David Bourget (Western Ontario)
David Chalmers (ANU, NYU)
Rafael De Clercq
Ezio Di Nucci
Jack Alan Reynolds
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Proceedings of the Aristotelian Society 107 (1pt3):387-394 (2007)
Epistemic contextualism (EC) is primarily a semantic view, viz. the view that ‘knowledge’-ascriptions can change their contents with the conversational context. To be more precise, EC is the view that the predicate ‘know’ has an unstable Kaplan character, i.e. a character that does not map all contexts on the same content. According to EC, ‘know’ is thus an indexical expression. Notwithstanding this purely linguistic characterisation of EC, contextualists have traditionally argued that their views have considerable philosophical impact, this being due to the alleged fact that their linguistic views about ‘know’ provide the resources for a resolution of sceptical puzzles. In this paper I will address an objection to EC claiming that, as a linguistic view about the term ‘know’, EC cannot be of any epistemological significance.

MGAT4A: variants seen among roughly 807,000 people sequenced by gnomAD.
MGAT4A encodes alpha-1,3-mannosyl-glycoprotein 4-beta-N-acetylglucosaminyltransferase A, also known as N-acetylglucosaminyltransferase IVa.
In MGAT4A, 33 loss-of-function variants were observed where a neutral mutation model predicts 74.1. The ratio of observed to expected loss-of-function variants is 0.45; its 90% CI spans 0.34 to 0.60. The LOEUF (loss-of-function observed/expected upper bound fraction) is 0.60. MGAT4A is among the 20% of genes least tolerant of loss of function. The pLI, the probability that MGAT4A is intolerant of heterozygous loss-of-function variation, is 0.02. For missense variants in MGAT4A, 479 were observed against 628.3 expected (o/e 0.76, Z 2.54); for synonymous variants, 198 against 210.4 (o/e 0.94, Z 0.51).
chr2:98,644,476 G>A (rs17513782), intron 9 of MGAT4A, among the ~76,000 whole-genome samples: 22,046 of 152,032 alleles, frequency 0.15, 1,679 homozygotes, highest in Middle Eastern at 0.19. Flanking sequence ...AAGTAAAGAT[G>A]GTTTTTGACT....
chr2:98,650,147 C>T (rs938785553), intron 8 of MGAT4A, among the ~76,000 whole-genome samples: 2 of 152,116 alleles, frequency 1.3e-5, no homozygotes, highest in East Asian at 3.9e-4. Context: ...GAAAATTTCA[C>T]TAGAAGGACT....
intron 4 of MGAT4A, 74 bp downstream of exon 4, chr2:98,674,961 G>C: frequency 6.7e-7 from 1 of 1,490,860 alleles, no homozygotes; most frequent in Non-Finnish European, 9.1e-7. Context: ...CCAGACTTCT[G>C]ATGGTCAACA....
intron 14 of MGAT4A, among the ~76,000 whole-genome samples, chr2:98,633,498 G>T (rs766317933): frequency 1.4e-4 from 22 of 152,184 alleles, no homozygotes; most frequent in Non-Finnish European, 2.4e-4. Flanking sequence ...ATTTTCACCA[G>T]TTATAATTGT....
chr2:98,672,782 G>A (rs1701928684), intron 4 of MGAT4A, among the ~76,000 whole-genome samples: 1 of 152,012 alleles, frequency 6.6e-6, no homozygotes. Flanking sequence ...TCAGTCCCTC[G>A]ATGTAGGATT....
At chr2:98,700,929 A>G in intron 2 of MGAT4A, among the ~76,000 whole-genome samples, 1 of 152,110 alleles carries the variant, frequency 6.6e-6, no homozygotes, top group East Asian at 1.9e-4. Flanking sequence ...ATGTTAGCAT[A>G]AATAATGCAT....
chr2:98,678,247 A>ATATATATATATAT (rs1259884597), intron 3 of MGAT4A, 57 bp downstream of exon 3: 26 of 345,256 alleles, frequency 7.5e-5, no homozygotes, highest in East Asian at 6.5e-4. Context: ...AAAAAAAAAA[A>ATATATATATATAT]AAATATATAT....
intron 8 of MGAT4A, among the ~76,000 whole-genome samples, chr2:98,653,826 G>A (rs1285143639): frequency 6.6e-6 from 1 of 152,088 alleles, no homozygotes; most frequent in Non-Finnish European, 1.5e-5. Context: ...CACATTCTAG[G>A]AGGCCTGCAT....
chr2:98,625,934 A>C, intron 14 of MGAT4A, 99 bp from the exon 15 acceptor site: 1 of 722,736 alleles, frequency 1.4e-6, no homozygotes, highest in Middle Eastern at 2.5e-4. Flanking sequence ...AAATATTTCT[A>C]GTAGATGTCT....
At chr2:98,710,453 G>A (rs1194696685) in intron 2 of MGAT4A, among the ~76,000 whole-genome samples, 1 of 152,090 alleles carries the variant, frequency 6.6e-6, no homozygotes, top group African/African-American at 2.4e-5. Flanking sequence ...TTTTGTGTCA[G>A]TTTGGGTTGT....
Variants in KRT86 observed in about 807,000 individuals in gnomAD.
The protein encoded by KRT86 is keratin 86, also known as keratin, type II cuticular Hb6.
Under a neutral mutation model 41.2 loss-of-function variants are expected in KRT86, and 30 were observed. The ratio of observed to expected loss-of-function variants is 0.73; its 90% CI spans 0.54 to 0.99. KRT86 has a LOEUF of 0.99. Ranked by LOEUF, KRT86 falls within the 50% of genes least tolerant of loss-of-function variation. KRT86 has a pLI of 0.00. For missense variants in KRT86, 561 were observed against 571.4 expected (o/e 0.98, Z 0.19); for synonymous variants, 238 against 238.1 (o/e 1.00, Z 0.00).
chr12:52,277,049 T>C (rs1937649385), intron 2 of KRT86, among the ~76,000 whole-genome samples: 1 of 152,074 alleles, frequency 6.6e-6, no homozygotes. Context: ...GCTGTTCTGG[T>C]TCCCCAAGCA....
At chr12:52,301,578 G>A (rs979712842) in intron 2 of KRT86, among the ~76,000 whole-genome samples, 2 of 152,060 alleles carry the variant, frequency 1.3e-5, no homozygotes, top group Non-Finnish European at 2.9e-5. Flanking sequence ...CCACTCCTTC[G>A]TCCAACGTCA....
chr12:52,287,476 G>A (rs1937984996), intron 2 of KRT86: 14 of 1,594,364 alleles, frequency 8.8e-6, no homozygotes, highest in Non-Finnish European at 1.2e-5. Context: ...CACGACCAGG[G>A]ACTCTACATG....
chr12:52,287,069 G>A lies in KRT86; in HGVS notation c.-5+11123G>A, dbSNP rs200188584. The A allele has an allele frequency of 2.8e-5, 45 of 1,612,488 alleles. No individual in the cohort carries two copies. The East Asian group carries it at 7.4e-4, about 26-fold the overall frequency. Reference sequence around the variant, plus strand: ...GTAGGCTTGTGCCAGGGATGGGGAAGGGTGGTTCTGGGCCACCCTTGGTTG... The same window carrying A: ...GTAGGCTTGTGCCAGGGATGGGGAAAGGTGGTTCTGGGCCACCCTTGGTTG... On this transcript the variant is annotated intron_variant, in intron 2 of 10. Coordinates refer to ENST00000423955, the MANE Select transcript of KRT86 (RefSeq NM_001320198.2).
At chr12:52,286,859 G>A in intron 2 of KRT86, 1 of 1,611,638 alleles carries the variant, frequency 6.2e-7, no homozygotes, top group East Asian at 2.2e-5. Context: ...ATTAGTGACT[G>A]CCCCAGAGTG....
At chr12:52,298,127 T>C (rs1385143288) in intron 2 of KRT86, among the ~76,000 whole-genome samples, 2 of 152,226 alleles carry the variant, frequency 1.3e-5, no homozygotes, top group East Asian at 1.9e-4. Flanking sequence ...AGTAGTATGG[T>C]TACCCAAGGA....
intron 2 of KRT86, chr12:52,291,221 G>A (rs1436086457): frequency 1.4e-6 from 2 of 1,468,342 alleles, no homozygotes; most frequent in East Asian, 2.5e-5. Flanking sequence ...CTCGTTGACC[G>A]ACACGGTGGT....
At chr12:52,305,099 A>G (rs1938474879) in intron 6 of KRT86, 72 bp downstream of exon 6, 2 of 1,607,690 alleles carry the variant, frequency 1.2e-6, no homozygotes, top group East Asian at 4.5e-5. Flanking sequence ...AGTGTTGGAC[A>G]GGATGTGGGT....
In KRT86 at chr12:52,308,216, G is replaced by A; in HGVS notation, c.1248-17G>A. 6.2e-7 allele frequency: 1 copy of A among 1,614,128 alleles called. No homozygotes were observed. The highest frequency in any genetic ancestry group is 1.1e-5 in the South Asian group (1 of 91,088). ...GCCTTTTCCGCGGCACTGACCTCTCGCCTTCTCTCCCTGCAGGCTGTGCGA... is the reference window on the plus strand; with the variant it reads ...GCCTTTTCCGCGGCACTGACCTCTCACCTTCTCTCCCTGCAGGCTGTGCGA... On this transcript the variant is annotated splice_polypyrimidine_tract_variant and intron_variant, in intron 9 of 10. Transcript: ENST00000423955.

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References found in this work BETA
David Lewis (1996). Elusive Knowledge. Australasian Journal of Philosophy 74 (4):549 – 567.
Stewart Cohen (1999). Contextualism, Skepticism, and the Structure of Reasons. Philosophical Perspectives 13 (s13):57-89.
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Ernest Sosa (2000). Skepticism and Contextualism. Noûs 34 (s1):1-18.
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